Savannah’s Haunted Lucas Theatre
The Lucas Theatre attracts art-lovers and theater aficionados from all around Savannah and the surrounding areas. The theater hosts musicals, plays and concerts. Now owned and operated by SCAD, the theater tycoon Arthur Melville Lucas constructed the theater in 1921. Despite having built over forty theaters across the country, only Savannah’s Lucas Theatre bears his name — there must be something special about it.
The theater once hosted primetime movie premiers and also served as a community center for the people of Savannah. After the historic theater fell into complete disrepair after WWII, it went a dramatic restoration, and millions of dollars were raised to bring the theater back to its original glory.
Today, the Savannah Film Festival is one of many events hosted by the theater and patrons to the festival have left with ghost stories of their very own. Strange shadow people have been reported hovering around the stage and there also seems to be a phantom audience with ghostly applause and laughter coming from the theater when the curtain is closed. The spirit of an office worker shot in a drive-by is also reported in the lobby, how do guests know its him? Well, he’s seen with gunshots in his back stumbling into the lobby.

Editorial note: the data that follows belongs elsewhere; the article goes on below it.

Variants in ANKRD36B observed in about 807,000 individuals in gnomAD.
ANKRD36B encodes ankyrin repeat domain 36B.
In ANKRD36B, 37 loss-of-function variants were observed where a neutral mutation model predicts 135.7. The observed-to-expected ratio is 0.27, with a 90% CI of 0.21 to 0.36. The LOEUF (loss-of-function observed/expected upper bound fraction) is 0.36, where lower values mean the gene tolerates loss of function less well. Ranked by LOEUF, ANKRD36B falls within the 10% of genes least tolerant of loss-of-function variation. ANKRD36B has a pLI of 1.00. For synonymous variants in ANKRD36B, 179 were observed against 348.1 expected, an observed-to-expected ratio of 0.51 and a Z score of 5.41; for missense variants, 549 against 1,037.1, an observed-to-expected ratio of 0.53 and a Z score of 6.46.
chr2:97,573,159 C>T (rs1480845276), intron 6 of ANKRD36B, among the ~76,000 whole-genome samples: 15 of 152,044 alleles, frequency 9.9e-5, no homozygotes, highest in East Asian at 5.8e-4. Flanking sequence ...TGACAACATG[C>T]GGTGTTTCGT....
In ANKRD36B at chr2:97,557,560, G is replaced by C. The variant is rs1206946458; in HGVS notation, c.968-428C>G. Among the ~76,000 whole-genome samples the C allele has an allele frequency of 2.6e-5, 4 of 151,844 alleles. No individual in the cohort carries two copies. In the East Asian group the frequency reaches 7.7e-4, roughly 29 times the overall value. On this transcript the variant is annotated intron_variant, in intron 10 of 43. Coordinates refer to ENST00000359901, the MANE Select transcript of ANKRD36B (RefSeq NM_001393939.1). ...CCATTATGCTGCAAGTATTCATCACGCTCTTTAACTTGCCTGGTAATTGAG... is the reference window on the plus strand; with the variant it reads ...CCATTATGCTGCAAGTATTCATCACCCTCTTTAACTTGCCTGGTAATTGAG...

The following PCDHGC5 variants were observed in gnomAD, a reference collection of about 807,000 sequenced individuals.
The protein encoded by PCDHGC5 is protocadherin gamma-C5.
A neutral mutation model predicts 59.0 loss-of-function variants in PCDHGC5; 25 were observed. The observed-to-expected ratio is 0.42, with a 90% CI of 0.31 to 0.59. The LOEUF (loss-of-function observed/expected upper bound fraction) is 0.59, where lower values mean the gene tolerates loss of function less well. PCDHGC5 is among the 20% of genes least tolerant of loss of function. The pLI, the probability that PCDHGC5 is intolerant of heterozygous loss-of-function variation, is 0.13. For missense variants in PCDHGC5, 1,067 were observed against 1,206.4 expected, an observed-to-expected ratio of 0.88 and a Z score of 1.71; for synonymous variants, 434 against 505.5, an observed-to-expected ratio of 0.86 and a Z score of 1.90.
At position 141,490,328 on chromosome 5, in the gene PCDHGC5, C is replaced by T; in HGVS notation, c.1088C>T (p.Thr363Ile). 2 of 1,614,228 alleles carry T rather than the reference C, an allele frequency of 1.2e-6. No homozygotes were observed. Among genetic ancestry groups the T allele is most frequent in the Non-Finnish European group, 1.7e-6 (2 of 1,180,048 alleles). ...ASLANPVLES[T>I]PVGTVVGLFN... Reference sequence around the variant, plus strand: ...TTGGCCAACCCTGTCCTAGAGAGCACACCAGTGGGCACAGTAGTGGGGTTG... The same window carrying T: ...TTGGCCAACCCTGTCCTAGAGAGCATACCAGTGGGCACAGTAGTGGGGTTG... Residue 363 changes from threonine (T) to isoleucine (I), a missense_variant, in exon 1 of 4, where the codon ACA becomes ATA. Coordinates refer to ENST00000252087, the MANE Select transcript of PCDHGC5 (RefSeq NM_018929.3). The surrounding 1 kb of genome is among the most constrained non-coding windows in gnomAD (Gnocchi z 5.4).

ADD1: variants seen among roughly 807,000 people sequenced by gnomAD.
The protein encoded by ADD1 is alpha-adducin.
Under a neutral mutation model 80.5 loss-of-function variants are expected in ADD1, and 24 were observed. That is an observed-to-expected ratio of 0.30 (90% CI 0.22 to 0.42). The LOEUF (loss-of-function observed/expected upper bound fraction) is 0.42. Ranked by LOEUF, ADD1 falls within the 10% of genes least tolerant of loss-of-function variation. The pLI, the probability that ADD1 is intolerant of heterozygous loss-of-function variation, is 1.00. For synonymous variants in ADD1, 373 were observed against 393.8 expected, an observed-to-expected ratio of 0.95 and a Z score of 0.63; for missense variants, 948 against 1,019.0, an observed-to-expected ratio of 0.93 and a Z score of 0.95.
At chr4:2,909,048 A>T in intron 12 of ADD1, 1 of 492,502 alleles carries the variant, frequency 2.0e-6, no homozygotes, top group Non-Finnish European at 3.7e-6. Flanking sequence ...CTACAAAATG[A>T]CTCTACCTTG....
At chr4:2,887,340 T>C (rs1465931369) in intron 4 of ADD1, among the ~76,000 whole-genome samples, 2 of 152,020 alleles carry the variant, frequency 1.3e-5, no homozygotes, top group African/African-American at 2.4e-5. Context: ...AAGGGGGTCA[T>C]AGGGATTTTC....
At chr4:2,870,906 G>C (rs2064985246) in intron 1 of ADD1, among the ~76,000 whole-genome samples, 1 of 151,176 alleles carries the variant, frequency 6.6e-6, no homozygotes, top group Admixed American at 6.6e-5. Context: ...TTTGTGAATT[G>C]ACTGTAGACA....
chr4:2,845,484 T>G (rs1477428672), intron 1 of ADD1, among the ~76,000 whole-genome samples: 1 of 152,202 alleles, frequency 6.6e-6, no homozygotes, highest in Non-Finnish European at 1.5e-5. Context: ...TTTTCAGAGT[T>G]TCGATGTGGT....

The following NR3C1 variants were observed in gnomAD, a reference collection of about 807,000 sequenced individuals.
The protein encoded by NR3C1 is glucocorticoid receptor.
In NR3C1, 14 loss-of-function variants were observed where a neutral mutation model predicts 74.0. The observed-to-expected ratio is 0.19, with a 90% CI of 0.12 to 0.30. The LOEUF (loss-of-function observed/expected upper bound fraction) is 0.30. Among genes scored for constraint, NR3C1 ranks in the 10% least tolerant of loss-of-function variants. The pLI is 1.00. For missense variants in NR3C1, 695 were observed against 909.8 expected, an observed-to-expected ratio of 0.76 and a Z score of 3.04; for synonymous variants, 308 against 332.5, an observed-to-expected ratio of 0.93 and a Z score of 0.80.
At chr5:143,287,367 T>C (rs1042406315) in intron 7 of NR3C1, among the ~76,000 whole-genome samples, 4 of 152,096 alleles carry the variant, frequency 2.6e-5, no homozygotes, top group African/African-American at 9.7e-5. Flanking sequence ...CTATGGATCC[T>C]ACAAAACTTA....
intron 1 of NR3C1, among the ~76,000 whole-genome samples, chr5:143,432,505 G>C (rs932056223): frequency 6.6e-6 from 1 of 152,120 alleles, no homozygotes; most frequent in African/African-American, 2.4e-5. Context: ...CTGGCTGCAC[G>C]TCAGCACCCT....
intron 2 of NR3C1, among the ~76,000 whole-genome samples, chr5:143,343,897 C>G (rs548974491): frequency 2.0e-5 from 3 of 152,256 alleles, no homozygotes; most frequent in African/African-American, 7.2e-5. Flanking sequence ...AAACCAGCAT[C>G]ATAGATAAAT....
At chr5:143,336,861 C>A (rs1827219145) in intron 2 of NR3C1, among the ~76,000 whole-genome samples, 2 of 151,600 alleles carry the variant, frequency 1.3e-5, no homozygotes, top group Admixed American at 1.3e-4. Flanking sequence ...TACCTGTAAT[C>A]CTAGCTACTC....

The Man Behind The Curtain
So, who was Arthur Lucas? Arthur was born in Florence, South Carolina and lived in Atlanta for most of his life. He loved the city of Savannah and kept ties with it through his friends and businesses. He took on numerous trades throughout his life and in 1917, he bought the Time Recorder Newspaper in Americus, Georgia and sold it five year later. In 1919, he took his seat at the Board of Directors for the Exchange Bank of Savannah and was also a contract agency for the Georgia Telephone and Telegraph Company. Arthur also ran a Ford dealership and renovated the Levy Department Store.